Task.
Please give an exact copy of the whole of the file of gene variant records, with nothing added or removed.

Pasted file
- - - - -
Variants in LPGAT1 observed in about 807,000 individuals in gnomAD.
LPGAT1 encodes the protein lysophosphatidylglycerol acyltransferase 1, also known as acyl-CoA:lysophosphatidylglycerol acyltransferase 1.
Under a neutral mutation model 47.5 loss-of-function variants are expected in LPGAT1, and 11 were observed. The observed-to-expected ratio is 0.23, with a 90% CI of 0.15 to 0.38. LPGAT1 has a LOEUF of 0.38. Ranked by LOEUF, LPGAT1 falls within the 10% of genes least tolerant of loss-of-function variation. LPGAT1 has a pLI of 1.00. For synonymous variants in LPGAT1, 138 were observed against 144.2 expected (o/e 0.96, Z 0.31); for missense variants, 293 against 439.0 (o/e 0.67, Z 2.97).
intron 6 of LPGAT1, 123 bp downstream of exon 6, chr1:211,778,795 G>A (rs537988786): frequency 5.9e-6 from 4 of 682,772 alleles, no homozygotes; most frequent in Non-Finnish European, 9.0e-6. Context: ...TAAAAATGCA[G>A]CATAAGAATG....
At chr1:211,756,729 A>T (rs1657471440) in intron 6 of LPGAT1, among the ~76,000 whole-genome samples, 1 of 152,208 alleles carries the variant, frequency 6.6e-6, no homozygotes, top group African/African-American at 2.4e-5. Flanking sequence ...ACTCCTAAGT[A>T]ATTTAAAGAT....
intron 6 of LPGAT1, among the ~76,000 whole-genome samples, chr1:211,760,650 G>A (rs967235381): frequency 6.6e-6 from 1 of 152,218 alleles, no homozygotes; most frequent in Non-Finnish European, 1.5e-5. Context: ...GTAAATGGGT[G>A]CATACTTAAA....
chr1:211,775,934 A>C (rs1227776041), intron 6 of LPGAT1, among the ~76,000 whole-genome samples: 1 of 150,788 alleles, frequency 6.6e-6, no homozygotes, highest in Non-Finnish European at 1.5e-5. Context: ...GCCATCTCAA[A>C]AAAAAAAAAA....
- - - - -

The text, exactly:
Variants in LPGAT1 observed in about 807,000 individuals in gnomAD.
LPGAT1 encodes the protein lysophosphatidylglycerol acyltransferase 1, also known as acyl-CoA:lysophosphatidylglycerol acyltransferase 1.
Under a neutral mutation model 47.5 loss-of-function variants are expected in LPGAT1, and 11 were observed. The observed-to-expected ratio is 0.23, with a 90% CI of 0.15 to 0.38. LPGAT1 has a LOEUF of 0.38. Ranked by LOEUF, LPGAT1 falls within the 10% of genes least tolerant of loss-of-function variation. LPGAT1 has a pLI of 1.00. For synonymous variants in LPGAT1, 138 were observed against 144.2 expected (o/e 0.96, Z 0.31); for missense variants, 293 against 439.0 (o/e 0.67, Z 2.97).
intron 6 of LPGAT1, 123 bp downstream of exon 6, chr1:211,778,795 G>A (rs537988786): frequency 5.9e-6 from 4 of 682,772 alleles, no homozygotes; most frequent in Non-Finnish European, 9.0e-6. Context: ...TAAAAATGCA[G>A]CATAAGAATG....
At chr1:211,756,729 A>T (rs1657471440) in intron 6 of LPGAT1, among the ~76,000 whole-genome samples, 1 of 152,208 alleles carries the variant, frequency 6.6e-6, no homozygotes, top group African/African-American at 2.4e-5. Flanking sequence ...ACTCCTAAGT[A>T]ATTTAAAGAT....
intron 6 of LPGAT1, among the ~76,000 whole-genome samples, chr1:211,760,650 G>A (rs967235381): frequency 6.6e-6 from 1 of 152,218 alleles, no homozygotes; most frequent in Non-Finnish European, 1.5e-5. Context: ...GTAAATGGGT[G>A]CATACTTAAA....
chr1:211,775,934 A>C (rs1227776041), intron 6 of LPGAT1, among the ~76,000 whole-genome samples: 1 of 150,788 alleles, frequency 6.6e-6, no homozygotes, highest in Non-Finnish European at 1.5e-5. Context: ...GCCATCTCAA[A>C]AAAAAAAAAA....